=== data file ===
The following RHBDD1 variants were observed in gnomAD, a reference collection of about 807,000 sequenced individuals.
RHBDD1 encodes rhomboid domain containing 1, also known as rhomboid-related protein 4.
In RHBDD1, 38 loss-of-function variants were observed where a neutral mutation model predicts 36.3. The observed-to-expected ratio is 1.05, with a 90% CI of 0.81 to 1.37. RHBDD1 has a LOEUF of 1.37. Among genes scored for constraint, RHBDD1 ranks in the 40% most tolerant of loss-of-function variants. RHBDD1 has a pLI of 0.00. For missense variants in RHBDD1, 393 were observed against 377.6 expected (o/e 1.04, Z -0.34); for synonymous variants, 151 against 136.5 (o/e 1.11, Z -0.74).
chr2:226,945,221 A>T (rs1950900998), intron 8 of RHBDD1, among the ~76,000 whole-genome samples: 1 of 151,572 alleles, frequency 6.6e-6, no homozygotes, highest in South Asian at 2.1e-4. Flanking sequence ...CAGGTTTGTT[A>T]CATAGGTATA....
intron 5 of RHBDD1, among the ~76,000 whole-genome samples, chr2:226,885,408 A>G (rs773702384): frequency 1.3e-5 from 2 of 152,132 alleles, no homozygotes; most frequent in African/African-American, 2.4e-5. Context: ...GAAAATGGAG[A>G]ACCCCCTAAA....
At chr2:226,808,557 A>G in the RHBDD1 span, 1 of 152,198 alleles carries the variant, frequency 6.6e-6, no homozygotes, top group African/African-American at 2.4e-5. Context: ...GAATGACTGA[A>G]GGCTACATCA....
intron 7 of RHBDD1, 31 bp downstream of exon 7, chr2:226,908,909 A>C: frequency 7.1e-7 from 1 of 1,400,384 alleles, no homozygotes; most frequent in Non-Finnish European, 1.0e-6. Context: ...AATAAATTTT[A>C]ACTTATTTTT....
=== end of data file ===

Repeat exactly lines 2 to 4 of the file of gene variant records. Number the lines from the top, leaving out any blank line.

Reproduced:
RHBDD1 encodes rhomboid domain containing 1, also known as rhomboid-related protein 4.
In RHBDD1, 38 loss-of-function variants were observed where a neutral mutation model predicts 36.3. The observed-to-expected ratio is 1.05, with a 90% CI of 0.81 to 1.37. RHBDD1 has a LOEUF of 1.37. Among genes scored for constraint, RHBDD1 ranks in the 40% most tolerant of loss-of-function variants. RHBDD1 has a pLI of 0.00. For missense variants in RHBDD1, 393 were observed against 377.6 expected (o/e 1.04, Z -0.34); for synonymous variants, 151 against 136.5 (o/e 1.11, Z -0.74).
chr2:226,945,221 A>T (rs1950900998), intron 8 of RHBDD1, among the ~76,000 whole-genome samples: 1 of 151,572 alleles, frequency 6.6e-6, no homozygotes, highest in South Asian at 2.1e-4. Flanking sequence ...CAGGTTTGTT[A>T]CATAGGTATA....